The Toledo Beach Amusement Park was a popular destination

A while ago I wrote about the beach and amusement park at Monroe Piers, located near the American Ship Canal.

As I have said, the Detroit Monroe & Toledo Short Line Railroad (DM&T) purchased the beach area in 1901 with the intention of “making this beach four miles east of Monroe the finest of the lakes,” as reported by Joseph A. of Toledo. Galloway in the publication “Interurban Trails” (sponsored by the Eastern Ohio Chapter of the National Railway Historical Society) – written in the mid-1940s. These plans also called for the creation of a wagon park in Monroe Piers.

Another intercity amusement park was the Toledo Beach Amusement Park – owned and developed by the Toledo Rail Light and Power Company on property that was originally the Ottawa Beach Resort – a 400-acre property that is today the site of the Toledo Beach Marina and has a LaSalle Township address.

Local Monroe historian David Eby featured the Toledo Beach Amusement Park on these pages in October 2020 and mentioned that the intercity brought riders from Toledo to Lakeside, Lakewood, Allen’s Cove and Luna Pier. He mentioned that many runners didn’t even know they had crossed the state line from Ohio into Michigan.

The Toledo, Ottawa Beach and Northern Railway intercity line is pictured near its Toledo Beach stop, circa 1900. According to an October 2020 Monroe News article by Monroe County historian David Eby, the intercity brought passengers from Toledo via Lakeside, Lakewood, Allen's Cove and the Luna Pier to LaSalle and Toledo Beach.

The Toledo Rail Light and Power Company’s intercity line – Toledo, Ottawa Beach and Northern Railway – would run from Summit Street through downtown Toledo through Point Place and along the east side of present-day I-75, to at Luna Pier (on present-day Harold Drive) and ended with a stop at Toledo Beach, as described in a blog post describing southeast Michigan attractions of the past.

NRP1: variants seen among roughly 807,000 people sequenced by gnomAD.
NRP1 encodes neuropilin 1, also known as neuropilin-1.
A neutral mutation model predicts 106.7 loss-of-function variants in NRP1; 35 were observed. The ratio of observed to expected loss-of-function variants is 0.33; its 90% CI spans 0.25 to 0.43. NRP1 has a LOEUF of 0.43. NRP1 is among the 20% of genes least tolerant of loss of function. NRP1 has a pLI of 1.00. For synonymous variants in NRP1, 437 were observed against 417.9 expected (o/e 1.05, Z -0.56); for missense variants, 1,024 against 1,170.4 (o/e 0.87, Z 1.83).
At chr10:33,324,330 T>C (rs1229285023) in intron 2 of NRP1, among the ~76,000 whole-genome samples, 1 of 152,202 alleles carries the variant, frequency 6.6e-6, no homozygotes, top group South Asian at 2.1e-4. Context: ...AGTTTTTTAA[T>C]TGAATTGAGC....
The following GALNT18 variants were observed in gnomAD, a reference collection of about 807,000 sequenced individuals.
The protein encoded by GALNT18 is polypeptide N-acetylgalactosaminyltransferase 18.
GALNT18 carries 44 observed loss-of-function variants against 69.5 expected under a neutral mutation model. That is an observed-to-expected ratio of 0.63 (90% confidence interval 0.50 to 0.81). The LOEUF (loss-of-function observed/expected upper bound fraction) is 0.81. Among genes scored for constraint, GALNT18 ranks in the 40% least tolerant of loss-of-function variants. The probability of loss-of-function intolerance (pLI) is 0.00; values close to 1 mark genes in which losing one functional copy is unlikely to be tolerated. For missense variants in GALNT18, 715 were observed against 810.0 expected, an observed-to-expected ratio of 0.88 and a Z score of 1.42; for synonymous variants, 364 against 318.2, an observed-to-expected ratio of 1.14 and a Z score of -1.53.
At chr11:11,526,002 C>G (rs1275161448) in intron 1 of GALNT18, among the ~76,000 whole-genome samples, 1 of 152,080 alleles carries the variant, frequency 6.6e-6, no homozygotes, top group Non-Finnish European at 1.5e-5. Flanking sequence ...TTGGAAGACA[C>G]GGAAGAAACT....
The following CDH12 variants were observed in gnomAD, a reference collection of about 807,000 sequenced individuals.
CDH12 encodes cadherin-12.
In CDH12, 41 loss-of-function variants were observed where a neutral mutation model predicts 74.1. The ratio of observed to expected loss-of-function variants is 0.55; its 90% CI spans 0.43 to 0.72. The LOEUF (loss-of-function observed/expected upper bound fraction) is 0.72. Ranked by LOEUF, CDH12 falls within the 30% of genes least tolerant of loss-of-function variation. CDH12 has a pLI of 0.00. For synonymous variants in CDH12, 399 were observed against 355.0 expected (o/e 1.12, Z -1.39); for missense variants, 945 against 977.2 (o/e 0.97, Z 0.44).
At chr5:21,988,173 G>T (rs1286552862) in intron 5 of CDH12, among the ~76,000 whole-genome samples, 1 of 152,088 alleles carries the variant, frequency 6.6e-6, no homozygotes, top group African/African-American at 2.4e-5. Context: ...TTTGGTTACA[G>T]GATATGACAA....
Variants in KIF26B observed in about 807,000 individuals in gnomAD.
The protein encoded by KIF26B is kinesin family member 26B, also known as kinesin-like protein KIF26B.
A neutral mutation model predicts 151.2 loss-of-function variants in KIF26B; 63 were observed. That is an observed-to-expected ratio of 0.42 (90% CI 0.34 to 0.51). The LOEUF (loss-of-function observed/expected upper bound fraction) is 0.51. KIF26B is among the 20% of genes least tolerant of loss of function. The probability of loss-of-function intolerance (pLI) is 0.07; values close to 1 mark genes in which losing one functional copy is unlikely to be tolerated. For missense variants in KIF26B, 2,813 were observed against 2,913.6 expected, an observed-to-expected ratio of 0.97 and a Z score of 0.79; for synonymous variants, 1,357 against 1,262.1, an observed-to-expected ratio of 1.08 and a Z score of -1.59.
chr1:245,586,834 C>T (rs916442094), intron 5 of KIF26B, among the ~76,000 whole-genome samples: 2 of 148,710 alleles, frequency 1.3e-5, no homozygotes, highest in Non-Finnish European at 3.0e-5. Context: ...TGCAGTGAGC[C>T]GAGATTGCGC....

My investigation of the Toledo, Ottawa Beach and Northern Railway intercity line was prompted by a message I received from the Honorable James Gardner, Mayor of Luna Pier, who shared with me the following story about the community he runs: “People seem to be fascinated when people talk about how the old intercity line played a vital role in the early development of Luna Pier. We had a neighbor who died in 2004 just 100 who recounted how her father was a prominent business owner, society man and founding member of the Toledo Museum of Art in what is now the Old West End from Toledo.

This photo shows bathers at the Toledo Beach amusement park in LaSalle, circa 1950s. After functioning as an amusement park and gathering place on Lake Erie, the site later became the Toledo Beach Marina.

Mayor Gardner continued, “To escape the sweltering city heat before air conditioning, families lived at Luna Pier during the summer, relying on the streetcar as the men commuted to work while the women and children enjoying the cool breeze on the lake. In the fall, everyone went back to town. I suspect that the pier which opened in 1923 also relied on the intercity line, although it was in decline at this time due to the growth of Henry Ford’s automobile business.

He adds, “Today we have an original bridge span over Whitewood Creek (LaPointe Drain) and the powerhouse walls are still standing on the Toledo Beach Marina property. The original railroad line through Luna Pier to the Toledo Beach Amusement Park is now Harold Drive, my front yard being the old roadbed from when the car line and the road were parallel. All of our longtime residents are familiar with the line of cars, but only a few realize that it’s what has made our town such an attractive resort town. “

These are the tracks of the Toledo, Ottawa Beach and Northern Railway intercity line bridge that spans Whitewood Creek, known today as the LaPointe Drain.  The rail line ran through Luna Pier to the Toledo Beach Amusement Park and operated for the first two decades of the 20th century.

Mayor Gardner’s interesting story is well told in the lore of intercity parks, including how the development of the Toledo Beach Amusement Park led to the demise of the Lake Erie Amusement Park and Casino (1895-1910 ). Lake Erie fires and pollution have made Toledo Beach more attractive to visitors.

Tom Adamich is president of the Visiting Librarian Service, a business he has operated since 1993. He is also a project archivist for the Greening Nursery Company and Family Archives.

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